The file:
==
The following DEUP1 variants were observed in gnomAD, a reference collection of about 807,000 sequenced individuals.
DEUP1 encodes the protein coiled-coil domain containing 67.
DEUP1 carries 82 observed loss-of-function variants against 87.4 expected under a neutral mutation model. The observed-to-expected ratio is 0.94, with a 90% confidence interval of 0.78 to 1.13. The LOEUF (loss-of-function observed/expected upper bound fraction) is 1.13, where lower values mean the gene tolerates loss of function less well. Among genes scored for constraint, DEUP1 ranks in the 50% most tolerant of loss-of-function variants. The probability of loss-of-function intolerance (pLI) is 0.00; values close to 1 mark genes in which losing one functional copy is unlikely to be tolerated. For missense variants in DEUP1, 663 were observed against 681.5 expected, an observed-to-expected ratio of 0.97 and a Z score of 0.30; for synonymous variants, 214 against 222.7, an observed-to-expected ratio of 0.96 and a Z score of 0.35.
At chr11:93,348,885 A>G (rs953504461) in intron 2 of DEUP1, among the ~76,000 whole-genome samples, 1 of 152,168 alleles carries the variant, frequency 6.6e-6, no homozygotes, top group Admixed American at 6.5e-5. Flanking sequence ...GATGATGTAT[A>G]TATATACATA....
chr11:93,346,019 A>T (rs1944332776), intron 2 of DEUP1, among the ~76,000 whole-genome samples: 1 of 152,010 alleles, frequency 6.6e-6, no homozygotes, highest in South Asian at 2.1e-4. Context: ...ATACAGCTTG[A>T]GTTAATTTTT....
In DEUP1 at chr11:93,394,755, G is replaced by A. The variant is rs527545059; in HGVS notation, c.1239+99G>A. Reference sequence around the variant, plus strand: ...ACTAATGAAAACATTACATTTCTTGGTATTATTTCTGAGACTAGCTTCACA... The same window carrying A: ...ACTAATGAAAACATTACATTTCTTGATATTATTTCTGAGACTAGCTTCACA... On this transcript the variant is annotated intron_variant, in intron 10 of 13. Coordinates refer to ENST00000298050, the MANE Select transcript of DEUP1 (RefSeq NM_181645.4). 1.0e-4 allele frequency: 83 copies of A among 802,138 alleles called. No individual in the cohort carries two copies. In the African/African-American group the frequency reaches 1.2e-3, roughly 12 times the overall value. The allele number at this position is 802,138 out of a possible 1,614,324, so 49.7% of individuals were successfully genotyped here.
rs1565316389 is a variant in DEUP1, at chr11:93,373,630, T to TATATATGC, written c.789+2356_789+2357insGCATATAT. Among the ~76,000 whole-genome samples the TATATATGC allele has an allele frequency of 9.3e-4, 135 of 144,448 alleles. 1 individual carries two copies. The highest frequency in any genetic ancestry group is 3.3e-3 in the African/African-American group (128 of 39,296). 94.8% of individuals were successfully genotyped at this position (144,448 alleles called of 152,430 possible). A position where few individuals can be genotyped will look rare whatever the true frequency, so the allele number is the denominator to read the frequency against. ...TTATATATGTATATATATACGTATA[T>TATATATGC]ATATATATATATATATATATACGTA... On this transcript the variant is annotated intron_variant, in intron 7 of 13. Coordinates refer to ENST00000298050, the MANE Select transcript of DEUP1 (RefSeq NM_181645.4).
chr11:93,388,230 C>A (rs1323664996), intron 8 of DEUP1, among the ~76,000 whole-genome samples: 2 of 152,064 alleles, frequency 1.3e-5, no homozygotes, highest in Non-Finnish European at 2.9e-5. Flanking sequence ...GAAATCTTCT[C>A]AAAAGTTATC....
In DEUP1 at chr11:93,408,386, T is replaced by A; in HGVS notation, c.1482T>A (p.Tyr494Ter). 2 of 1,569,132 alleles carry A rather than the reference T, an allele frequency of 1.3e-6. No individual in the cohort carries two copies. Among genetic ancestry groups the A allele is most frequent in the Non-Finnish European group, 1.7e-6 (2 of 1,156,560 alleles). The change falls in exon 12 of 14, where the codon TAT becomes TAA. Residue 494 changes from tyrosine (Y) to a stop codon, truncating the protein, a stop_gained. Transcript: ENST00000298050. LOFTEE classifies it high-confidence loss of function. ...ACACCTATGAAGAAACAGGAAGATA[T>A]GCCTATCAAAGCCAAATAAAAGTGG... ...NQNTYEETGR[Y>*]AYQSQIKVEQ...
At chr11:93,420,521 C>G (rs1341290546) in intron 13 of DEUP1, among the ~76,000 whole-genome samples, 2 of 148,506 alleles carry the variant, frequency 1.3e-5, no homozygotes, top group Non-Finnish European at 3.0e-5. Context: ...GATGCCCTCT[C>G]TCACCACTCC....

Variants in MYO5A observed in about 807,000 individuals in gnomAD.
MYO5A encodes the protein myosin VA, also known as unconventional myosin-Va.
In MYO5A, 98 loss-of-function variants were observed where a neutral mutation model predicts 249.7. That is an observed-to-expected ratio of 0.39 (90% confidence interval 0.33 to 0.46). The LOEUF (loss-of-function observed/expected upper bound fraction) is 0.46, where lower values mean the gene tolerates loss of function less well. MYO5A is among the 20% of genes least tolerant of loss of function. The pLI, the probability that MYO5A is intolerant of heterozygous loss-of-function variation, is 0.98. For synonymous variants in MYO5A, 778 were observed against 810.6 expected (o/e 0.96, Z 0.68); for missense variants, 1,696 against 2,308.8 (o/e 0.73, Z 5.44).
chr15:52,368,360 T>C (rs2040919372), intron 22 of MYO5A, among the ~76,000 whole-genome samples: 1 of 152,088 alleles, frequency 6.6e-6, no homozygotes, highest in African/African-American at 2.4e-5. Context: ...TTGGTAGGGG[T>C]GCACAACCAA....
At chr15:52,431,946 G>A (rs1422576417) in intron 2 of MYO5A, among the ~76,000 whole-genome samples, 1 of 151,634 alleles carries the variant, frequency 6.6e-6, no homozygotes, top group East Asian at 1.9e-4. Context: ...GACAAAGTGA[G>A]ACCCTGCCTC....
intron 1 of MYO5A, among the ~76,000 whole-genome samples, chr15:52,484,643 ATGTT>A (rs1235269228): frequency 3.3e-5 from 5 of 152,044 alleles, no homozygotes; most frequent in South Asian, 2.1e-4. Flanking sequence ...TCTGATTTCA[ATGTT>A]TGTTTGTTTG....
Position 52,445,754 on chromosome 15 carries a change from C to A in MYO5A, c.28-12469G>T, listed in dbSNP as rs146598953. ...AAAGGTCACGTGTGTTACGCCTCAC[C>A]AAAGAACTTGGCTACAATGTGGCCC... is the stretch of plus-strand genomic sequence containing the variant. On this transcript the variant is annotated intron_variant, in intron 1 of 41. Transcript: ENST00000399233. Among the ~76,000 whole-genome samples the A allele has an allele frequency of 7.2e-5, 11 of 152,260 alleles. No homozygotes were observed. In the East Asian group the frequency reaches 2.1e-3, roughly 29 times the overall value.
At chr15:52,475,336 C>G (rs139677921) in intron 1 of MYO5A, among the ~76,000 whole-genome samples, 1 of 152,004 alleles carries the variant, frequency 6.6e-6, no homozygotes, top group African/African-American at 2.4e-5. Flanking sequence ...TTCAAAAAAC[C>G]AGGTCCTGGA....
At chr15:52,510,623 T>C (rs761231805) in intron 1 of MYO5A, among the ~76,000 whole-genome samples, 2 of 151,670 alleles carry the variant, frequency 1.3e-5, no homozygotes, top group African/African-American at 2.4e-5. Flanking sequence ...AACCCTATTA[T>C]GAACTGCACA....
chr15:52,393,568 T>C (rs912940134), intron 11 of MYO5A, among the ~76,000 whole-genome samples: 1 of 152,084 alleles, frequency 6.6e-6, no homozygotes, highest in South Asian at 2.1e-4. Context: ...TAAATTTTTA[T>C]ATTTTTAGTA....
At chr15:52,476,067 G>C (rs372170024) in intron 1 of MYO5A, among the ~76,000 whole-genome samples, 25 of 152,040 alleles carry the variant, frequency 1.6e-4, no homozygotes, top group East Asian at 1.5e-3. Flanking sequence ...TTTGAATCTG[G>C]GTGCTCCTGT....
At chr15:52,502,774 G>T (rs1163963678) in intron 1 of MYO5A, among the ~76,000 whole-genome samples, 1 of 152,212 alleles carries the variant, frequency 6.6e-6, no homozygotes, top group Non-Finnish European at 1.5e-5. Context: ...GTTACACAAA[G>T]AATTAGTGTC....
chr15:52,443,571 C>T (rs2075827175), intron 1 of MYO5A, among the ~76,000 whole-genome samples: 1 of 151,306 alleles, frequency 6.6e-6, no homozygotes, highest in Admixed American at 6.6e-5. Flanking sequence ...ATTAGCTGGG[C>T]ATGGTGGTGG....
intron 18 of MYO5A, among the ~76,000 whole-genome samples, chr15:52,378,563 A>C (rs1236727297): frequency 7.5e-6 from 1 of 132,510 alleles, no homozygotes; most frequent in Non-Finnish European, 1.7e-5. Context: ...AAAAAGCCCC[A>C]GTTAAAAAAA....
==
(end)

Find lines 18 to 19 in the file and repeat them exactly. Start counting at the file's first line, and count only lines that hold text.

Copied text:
At chr15:52,475,336 C>G (rs139677921) in intron 1 of MYO5A, among the ~76,000 whole-genome samples, 1 of 152,004 alleles carries the variant, frequency 6.6e-6, no homozygotes, top group African/African-American at 2.4e-5. Flanking sequence ...TTCAAAAAAC[C>G]AGGTCCTGGA....
At chr15:52,510,623 T>C (rs761231805) in intron 1 of MYO5A, among the ~76,000 whole-genome samples, 2 of 151,670 alleles carry the variant, frequency 1.3e-5, no homozygotes, top group African/African-American at 2.4e-5. Flanking sequence ...AACCCTATTA[T>C]GAACTGCACA....